What do 11-year-olds think about Brexit?
The implications of Brexit will be felt most by future generations, yet children are excluded from the political process. Dr Katrina Lloyd asks children in Northern Ireland what they really think about politicians, politics and Brexit.
Brexit has been a seismic event in UK politics, but its real implications will be felt most by future generations of children. Once the immediate political drama is over, it is today’s young people who will live in the new reality of life outside the European Union. Yet this is the very section of society excluded from the political process.
Arguably, given the troubled history of Northern Ireland – and the fact that it is the site of the only land border with the EU – the impact of Brexit may be most strongly felt by children there.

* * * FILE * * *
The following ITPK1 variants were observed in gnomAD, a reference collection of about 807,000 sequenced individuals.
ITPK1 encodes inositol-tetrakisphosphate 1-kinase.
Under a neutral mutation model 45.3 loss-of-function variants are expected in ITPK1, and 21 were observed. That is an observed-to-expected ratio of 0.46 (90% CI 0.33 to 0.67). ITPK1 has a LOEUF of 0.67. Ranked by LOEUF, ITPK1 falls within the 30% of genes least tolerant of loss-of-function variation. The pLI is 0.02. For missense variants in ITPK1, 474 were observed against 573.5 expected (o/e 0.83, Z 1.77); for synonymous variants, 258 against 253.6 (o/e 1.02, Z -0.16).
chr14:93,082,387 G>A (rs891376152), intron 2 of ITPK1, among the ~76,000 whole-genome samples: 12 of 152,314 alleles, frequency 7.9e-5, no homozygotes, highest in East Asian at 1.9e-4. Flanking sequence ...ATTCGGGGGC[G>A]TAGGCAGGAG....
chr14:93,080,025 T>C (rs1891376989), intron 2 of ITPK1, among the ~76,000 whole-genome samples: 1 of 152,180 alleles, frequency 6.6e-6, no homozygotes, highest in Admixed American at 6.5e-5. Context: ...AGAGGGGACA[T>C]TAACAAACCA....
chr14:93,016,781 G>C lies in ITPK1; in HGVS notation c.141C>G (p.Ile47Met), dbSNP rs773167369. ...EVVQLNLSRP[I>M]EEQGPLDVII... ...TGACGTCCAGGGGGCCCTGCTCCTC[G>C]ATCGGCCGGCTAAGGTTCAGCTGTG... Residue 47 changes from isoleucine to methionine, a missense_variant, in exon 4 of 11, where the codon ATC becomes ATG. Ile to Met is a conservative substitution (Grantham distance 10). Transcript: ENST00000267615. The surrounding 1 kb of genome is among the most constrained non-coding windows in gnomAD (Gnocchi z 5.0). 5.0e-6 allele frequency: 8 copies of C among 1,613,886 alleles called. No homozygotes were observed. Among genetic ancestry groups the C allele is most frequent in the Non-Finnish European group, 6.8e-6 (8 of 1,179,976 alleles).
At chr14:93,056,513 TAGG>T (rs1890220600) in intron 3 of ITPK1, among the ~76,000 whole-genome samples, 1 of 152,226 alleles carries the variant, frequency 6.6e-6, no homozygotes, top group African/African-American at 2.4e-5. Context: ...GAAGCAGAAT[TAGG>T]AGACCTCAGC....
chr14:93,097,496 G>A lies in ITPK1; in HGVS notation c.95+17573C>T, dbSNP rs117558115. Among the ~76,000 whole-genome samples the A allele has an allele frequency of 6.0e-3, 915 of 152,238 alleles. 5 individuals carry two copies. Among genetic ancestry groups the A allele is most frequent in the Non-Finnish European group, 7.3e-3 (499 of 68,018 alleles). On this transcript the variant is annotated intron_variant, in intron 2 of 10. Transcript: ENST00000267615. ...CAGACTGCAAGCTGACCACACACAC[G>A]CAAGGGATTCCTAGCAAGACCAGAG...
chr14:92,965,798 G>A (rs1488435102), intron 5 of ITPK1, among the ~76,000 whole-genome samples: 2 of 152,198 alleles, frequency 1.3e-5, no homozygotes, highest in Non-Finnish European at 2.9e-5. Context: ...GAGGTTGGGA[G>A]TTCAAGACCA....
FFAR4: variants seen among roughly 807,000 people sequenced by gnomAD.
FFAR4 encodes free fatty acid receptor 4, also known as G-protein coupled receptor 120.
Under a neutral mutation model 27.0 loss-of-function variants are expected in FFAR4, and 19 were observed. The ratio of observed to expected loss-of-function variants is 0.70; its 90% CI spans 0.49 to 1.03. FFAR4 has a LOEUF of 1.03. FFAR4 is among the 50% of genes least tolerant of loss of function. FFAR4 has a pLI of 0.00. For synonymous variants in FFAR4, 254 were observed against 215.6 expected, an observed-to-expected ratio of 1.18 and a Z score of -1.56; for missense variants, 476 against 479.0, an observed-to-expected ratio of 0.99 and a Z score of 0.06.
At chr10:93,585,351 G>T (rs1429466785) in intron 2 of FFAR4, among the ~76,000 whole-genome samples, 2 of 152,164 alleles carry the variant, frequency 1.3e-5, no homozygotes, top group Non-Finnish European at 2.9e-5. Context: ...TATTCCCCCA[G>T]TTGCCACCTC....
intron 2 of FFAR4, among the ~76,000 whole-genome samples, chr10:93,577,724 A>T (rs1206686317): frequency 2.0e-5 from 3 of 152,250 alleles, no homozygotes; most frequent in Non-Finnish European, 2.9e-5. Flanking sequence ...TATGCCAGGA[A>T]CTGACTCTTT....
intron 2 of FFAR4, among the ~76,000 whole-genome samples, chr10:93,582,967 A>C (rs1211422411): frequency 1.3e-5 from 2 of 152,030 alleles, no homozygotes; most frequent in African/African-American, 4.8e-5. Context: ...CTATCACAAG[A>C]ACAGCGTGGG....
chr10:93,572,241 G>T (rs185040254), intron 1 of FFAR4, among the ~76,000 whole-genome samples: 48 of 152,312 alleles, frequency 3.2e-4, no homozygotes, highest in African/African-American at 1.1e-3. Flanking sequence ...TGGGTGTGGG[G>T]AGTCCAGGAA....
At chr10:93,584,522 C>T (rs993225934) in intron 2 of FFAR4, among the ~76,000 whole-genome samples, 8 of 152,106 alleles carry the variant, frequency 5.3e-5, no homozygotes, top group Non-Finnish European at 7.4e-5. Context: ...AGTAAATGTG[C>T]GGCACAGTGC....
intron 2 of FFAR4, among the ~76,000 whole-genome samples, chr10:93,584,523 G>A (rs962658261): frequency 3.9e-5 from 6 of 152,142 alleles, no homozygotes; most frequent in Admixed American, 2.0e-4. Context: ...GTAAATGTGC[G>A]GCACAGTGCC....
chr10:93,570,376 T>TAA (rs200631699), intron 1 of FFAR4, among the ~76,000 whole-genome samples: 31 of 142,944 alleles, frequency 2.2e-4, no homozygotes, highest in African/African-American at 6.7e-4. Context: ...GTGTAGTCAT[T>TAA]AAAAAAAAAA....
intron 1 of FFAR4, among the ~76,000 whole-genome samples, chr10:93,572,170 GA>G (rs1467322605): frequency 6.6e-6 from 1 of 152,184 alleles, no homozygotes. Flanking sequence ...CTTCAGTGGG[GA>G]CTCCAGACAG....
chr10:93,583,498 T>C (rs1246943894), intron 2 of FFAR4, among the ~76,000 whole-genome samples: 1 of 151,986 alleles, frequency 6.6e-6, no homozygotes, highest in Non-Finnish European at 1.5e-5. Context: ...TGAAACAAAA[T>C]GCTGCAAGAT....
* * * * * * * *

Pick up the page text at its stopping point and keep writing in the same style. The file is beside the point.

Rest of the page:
So to find out what children in Northern Ireland really think about politicians, politics and Brexit, I asked 2,678 ten- and 11-year-olds. They made their feelings very clear.
Few (just 17%) thought UK politicians were doing a good job, although around four in ten said they didn’t know. In an open-ended question asking why they thought politicians were, or were not, doing a good job, one child summed up what many of them believed with a withering comment:
Politicians aren’t known for being much good.
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Article originally appeared in The Conversation.